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Pharoah Sanders: In the Beginning (1963-1964)

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While most of the tenor saxophonist’s landmark recordings on Impulse !-as a leader and as sideman with John Coltrane-have been reissued, Pharoah Sanders’ formative sessions with Don Cherry, Paul Bley and the Sun Ra Arkestra in 1963-64 had lain dormant until ESP opened the vaults, unleashing the embryonic fury of one of avant-jazz’s squealing shamans. For chronological purposes, this four-CD set includes Sanders’ 1964 debut for ESP, Pharoah’s First , despite the album having been remastered and reissued already. Known primarily for his pan-African forays into hypnotic percussion-driven grooves, these sessions shed some light on the development of Sanders’ vision, even though In the Beginning is less of a Sanders collection than a compendium of four of the avant-garde’s leading innovators of that era.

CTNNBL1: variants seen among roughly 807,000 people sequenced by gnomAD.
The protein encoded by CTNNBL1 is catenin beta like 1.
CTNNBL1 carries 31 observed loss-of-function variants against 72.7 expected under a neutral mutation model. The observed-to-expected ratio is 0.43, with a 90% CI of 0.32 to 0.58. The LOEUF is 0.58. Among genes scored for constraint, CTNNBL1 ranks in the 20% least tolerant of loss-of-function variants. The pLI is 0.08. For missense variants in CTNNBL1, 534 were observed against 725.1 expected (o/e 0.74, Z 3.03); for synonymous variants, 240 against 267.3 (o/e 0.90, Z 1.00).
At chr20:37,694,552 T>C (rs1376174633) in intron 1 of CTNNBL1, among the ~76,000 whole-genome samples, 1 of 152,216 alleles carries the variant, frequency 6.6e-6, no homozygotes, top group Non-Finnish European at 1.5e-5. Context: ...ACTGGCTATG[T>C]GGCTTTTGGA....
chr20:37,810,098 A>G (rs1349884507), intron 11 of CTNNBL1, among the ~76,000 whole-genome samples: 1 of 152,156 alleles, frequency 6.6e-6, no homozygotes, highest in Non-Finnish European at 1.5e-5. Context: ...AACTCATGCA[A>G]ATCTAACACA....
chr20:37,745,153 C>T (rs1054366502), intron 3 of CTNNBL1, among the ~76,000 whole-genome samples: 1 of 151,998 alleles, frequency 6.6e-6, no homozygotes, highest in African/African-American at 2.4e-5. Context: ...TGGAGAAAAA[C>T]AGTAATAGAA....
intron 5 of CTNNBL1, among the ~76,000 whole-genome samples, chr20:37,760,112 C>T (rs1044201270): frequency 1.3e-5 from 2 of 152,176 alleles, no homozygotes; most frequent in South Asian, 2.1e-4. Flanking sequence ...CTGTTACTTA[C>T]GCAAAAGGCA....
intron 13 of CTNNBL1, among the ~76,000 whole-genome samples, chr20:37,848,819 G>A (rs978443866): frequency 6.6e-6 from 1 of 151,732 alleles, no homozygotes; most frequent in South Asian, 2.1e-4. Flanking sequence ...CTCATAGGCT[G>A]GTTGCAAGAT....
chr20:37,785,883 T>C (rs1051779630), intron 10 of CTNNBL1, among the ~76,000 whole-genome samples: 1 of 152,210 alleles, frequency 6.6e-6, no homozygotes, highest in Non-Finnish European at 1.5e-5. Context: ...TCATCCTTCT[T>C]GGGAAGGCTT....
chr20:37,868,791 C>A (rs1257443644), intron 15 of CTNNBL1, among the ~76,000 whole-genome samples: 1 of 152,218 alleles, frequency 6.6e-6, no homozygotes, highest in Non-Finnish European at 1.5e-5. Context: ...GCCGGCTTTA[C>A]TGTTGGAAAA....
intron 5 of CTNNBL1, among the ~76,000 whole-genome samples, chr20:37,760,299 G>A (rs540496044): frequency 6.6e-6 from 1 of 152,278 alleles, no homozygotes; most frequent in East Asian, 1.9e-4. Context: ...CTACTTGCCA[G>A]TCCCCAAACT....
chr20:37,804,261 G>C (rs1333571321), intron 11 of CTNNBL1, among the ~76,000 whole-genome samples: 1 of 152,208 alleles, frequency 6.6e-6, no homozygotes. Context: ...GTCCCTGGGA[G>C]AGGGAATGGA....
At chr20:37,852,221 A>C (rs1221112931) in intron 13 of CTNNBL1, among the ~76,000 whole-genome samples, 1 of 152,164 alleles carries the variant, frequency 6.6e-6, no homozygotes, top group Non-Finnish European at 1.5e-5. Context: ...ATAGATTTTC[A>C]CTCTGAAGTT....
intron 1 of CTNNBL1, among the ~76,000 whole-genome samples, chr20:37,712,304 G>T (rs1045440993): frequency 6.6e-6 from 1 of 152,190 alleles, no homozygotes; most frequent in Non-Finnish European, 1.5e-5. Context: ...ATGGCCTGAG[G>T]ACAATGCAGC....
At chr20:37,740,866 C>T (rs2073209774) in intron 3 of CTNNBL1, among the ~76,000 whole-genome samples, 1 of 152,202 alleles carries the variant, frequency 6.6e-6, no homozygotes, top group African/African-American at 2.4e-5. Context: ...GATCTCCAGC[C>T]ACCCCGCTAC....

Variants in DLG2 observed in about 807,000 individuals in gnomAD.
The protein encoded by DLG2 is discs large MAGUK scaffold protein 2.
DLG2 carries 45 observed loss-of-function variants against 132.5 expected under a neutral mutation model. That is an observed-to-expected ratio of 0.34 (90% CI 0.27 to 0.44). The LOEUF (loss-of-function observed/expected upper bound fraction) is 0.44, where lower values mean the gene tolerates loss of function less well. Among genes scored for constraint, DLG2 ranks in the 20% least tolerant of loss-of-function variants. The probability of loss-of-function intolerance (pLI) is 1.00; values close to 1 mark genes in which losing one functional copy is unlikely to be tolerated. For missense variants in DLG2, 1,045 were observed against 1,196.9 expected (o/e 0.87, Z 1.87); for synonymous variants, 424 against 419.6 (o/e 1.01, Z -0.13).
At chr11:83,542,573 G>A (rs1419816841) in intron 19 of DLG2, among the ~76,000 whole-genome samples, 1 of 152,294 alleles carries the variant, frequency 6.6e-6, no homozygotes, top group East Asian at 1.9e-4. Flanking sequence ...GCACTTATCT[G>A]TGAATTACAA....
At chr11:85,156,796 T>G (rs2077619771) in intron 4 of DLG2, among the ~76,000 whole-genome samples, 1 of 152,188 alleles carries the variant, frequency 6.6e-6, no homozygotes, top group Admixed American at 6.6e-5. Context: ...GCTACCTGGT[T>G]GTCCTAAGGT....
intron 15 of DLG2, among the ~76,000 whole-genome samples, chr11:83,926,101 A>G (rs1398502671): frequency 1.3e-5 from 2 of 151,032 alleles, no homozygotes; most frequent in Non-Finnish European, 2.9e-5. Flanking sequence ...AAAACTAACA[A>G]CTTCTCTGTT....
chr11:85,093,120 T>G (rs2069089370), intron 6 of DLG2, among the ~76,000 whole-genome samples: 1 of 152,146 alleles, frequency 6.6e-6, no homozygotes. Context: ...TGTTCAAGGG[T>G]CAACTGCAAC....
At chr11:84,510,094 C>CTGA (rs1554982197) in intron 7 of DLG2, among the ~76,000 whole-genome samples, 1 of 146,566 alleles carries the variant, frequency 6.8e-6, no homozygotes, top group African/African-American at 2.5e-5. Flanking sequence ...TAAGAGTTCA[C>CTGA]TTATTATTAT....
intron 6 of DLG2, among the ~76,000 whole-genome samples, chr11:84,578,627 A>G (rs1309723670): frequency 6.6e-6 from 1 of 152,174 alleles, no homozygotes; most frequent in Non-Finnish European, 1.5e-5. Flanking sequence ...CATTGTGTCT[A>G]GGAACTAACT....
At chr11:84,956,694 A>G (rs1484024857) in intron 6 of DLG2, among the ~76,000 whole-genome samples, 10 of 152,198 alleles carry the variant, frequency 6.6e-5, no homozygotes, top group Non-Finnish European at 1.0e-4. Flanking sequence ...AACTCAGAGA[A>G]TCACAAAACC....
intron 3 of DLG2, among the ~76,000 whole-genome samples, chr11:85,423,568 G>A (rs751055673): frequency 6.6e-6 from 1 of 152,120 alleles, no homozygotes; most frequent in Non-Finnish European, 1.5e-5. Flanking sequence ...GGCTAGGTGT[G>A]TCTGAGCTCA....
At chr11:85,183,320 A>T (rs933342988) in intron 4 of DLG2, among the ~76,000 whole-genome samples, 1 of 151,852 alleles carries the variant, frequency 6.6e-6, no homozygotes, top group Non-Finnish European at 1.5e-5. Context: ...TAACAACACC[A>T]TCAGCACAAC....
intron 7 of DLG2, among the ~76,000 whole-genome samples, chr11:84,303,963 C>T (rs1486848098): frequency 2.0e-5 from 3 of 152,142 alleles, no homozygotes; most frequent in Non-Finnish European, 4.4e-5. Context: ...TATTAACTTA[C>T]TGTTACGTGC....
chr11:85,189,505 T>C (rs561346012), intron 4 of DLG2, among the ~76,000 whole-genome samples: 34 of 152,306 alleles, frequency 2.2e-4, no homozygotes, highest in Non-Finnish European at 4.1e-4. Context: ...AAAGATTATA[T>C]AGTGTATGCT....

The first disc commences with an interview in which Sanders recalls his arrival in the Big Apple in 1962, followed by a Jan. 3, 1963 date of the Don Cherry Quintet laying down five tracks of heavily Ornette-inspired harmolodic hard bop. Sanders features prominently on two different takes of “Cocktail Piece,” his brusque and highly charged soloing setting the stage nicely for Cherry’s skating trumpet and the dynamic interplay of bassist David Izenzon and drummer J.C. Moses. For years labeled a charlatan, Sanders proves adept at mastering the bebop idiom with some surprisingly graceful playing on a Monk medley. The disc continues with a May 25, 1964 Paul Bley Quartet date, featuring Coleman stalwart Izenzon again on bass and Paul Motian on drums. The five tracks here consist of three Carla Bley compositions that merge her affinity for Bud Powell and Monk with contemporary classical concepts, giving the musicians fairly difficult terrain to travel. Sanders sounds natural in this context, maneuvering with agility and purpose, gamely sparring with Bley’s ivories and Motian’s crisp cymbal patterns.

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